Portugal’s Constitutional Court ruled Monday that legislation that would permit physician assisted death is unconstitutional.
The bill limited physician-assisted dying to terminally ill patients in severe pain, who are judged to be mentally healthy enough to understand what they were asking. In addition to legalizing physician-assisted dying, the bill removed criminal penalties physicians would have otherwise faced. After it was approved by Parliament in January, President Marcelo Duarte Rebelo de Sousa referred the bill to the court for an assessment of its constitutionality. Duarte Rebelo de Sousa raised two concerns, alleging that “the concept of intolerable suffering” and “definitive injury of extreme severity according to scientific consensus.”
The court found “the concept of intolerable suffering” constitutional, but “definitive injury of extreme severity according to scientific consensus” unconstitutional. The court focused on Articles 2 and 24 of the Portuguese Constitution. Article 2 guarantees respect for “fundamental rights and freedoms.” Article 24(1) declares human life inviolable and prohibits the death penalty.
On the first issue, the court determined “that the right to live cannot be transfigured into a duty to live in any circumstances.” The court went on to suggest the creation of a system that balances personal autonomy and safeguards to prevent misuse. Duarte Rebelo de Sousa alleged that the language in the bill concerning intolerable suffering was excessive and indeterminable. The court disagreed. The court wrote: “the concept of intolerable suffering, although indeterminate, is determinable in accordance with the rules of the medical profession.”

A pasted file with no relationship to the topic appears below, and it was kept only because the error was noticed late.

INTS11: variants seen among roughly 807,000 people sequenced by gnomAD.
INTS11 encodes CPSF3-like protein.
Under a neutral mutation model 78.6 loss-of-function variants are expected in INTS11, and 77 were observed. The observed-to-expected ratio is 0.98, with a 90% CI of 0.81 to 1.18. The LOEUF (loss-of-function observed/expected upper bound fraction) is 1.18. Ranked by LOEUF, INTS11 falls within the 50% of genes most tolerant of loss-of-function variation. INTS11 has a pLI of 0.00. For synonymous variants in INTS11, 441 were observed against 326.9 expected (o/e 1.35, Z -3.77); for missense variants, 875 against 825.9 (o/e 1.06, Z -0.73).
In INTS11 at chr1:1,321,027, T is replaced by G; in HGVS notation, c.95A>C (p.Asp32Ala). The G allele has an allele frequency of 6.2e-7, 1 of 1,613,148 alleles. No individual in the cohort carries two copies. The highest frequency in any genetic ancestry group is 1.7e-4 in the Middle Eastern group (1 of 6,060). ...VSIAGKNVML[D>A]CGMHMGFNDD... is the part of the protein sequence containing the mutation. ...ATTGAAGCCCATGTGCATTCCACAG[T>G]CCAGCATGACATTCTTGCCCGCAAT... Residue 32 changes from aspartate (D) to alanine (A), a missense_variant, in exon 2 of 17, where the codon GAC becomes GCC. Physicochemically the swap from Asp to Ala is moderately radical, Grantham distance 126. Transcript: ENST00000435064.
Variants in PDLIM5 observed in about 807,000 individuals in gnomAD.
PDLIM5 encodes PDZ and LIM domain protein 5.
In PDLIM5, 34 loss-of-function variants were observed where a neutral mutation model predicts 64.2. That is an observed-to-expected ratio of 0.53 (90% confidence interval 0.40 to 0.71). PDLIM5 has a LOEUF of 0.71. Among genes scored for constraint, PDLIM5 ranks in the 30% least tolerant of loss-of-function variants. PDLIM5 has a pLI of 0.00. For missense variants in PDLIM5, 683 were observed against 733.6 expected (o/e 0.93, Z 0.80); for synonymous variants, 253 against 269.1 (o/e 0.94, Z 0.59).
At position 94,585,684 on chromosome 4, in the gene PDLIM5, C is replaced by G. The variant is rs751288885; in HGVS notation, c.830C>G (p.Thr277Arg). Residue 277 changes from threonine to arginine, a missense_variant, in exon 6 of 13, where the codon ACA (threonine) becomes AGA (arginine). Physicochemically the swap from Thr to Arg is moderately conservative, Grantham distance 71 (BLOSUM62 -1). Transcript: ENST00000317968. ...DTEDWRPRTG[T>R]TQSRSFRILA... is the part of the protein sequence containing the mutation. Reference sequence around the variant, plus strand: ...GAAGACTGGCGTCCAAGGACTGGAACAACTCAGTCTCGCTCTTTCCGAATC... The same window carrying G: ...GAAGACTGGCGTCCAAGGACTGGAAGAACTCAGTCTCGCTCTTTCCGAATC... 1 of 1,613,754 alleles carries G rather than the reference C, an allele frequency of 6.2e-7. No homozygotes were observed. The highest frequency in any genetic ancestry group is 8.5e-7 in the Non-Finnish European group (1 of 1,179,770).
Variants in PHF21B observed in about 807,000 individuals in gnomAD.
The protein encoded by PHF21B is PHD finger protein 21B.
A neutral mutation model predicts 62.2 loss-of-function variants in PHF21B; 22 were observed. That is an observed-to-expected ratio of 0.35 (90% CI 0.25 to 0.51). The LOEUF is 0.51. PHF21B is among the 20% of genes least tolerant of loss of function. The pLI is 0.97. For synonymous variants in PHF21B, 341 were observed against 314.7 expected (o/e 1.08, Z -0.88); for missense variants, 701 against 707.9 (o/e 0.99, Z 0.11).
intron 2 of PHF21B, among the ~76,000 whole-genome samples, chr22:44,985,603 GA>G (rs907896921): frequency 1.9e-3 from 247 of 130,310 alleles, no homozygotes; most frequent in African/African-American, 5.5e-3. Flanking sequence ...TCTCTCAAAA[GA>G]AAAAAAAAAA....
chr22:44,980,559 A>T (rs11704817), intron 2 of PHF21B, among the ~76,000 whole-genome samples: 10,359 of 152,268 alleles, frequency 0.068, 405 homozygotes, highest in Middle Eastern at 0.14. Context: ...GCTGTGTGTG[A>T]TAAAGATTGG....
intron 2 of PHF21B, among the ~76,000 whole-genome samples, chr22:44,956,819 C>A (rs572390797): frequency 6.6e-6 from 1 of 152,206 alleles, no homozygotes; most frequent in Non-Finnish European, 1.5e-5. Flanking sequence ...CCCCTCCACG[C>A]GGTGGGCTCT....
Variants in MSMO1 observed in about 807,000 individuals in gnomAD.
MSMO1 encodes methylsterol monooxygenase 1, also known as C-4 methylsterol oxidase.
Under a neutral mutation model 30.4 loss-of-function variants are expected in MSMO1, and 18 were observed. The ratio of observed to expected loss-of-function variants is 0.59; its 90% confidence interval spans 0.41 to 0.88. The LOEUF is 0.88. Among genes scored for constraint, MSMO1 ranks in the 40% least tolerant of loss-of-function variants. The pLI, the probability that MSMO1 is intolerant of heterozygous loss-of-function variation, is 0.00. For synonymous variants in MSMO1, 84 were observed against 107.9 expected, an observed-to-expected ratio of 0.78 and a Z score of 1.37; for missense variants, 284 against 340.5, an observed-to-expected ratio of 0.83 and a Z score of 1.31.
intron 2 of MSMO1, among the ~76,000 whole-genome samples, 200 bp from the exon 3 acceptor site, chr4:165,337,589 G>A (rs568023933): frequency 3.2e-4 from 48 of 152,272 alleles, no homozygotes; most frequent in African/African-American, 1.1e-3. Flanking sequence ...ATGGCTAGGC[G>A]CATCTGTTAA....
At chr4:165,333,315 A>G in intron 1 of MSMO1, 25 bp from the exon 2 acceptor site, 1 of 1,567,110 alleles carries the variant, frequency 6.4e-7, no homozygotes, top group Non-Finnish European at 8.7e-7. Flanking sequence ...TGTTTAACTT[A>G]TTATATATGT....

Duarte Rebelo de Sousa’s second concern focused on “the concept of definitive injury of extreme gravity”. This, the court found, did not sufficiently limit the cases that would make a patient eligible for physician assisted dying.
If Parliament amends the bill to incorporate the court’s concerns, approves it again, and Duarte Rebelo de Sousa signs it, Portugal will become the sixth country in Europe to legalize physician assisted dying.